There are blobs in the office today. I just heard them capering in the hallway. One blob came into my boss’s office while we were having a meeting. This blob knows there is normally a candy dish on the table, and so she looked for it but it wasn’t there today and so she turned around and walked out. Her expression did not change from one of intense detached focus the entire time. Nor did she speak. Good blob.

texas trip

Unfortunately, Em El and I were sick with colds during part of our time in Texas, she for longer than me. They were not debilitating colds, but they were an inconvenience (and still are, as we continue to slog along through their end times). We still soaked up plenty of family time, and I even picked up three (!) new life birds, all within the Dallas city limits. Important lesson: never underestimate the value of urban birding! At White Rock Lake, I found an American White Pelican snoozing on a log and a flock of Franklin’s Gulls gathering overhead. These birds were just passing through during migration. The next day I observed a couple of Harris’s Sparrows feeding on seed outside the fantastic Trinity River Audubon Center. This bird is a winter resident in north Texas. None of these birds are easy to find in Maryland, as they are nonresidents and only rarely vagrant in the northeast U.S. during migration.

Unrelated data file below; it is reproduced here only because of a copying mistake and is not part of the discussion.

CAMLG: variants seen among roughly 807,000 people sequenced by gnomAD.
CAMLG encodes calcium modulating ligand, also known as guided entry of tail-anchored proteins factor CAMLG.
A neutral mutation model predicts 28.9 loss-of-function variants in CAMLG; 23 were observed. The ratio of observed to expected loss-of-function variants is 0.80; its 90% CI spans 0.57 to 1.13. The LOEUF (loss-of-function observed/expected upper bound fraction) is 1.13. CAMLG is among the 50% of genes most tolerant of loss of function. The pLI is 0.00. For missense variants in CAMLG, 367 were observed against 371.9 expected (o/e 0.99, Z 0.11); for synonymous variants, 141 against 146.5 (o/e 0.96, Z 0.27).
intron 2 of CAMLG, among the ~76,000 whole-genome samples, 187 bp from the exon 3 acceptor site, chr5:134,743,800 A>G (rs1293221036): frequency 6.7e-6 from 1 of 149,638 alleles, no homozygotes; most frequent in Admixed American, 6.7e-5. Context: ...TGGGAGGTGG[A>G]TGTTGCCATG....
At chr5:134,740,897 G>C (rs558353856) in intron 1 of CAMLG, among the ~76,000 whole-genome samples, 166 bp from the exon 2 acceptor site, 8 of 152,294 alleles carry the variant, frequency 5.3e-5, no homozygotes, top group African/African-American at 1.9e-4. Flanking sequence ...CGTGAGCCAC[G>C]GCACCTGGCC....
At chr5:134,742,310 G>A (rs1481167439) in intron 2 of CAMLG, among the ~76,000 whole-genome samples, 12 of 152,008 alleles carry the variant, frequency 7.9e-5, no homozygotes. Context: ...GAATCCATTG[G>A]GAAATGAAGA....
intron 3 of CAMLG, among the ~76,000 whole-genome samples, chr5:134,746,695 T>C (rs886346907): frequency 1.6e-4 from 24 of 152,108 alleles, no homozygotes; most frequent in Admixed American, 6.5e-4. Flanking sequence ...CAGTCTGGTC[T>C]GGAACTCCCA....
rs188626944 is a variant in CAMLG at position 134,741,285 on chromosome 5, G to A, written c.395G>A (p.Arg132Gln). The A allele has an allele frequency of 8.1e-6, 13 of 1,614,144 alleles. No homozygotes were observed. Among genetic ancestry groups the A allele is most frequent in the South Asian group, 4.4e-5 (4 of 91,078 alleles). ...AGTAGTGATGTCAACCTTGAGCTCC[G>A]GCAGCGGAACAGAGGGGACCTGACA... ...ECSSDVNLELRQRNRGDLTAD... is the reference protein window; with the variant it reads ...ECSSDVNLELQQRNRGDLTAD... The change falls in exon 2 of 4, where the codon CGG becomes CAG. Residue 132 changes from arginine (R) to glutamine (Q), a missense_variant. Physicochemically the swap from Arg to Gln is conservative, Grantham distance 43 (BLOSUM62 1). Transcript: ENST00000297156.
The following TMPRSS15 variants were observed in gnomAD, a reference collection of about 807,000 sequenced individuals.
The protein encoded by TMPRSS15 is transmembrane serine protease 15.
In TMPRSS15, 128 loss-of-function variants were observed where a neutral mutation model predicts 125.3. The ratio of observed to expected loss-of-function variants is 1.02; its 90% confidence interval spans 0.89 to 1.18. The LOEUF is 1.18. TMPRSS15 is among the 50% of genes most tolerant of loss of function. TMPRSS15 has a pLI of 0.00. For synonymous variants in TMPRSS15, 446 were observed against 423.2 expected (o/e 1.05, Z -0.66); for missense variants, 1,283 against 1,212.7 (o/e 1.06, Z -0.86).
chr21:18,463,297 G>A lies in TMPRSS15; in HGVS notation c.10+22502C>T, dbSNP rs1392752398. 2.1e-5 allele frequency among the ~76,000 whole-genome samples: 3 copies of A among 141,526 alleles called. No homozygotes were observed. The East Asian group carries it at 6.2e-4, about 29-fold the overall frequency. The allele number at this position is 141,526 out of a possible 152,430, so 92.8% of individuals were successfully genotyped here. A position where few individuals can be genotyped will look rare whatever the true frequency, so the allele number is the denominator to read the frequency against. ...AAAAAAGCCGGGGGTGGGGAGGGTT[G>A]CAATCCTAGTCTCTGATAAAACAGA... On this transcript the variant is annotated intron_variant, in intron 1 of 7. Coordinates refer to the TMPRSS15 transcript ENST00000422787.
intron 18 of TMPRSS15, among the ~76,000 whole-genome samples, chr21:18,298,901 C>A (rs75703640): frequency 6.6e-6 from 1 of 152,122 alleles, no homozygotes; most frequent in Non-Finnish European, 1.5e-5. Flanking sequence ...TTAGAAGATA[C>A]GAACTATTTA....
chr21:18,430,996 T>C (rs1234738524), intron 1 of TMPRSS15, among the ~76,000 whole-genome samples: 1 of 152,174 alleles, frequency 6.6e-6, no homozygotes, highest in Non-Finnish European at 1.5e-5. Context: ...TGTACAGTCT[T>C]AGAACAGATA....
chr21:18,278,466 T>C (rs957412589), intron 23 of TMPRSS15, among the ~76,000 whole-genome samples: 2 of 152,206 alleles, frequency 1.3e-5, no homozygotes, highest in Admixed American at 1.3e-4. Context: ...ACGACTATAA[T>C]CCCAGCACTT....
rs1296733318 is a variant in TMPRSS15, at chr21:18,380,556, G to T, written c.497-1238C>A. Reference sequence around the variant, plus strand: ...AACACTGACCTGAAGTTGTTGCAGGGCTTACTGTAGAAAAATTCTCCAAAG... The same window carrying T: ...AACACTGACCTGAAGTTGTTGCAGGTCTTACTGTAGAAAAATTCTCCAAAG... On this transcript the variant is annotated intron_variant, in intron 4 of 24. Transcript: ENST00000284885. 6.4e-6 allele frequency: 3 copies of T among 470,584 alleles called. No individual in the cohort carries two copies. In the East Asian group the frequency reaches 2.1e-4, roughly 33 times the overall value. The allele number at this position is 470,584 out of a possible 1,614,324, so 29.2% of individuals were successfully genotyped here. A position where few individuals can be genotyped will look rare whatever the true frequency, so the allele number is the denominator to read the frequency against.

Other than occasional birding and lots of chilling with the family, Texas involved a lot of eating. Of course we had to sample the best of what the Dallas area has in the way of vegan fare! These included the always delicious Spiral Diner; the newly spruced-up under new ownership 100% vegan Asian buffet, Veggie Garden; a new one for me, Kalachandjis (Dallas’ longest serving vegetarian restaurant, which begs the question of why they never brought me here before!); and a new one for everyone, D’Vegan (specializing in vegan Vietnamese cuisine- soooo good). We also ate plenty of Mexican food naturally, including vegan migas from a new place in Dallas.

Here are a few photos. I took less than I thought. I blame the sickness. Or maybe I was just trying to live these moments, not document them.

The first few are from Trinity River Audubon Center. The wildflowers are Texas Paintbrush (Castilleja indivisa).

© 2012 S. D. Stewart, Trinity River Audubon Center, Dallas, TX

© 2012 S. D. Stewart, Texas Paintbrush, Trinity River Audubon Center, Dallas, TX

© 2012 S. D. Stewart, Trinity River Audubon Center, Dallas, TX

Sign on the wall at Veggie Garden Restaurant in Richardson, TX:

© 2012 S. D. Stewart, Sign at Veggie Garden Restaurant, Richardson, TX

Maneki Neko (“Beckoning Cat”) statue at D’Vegan Restaurant in Dallas, TX: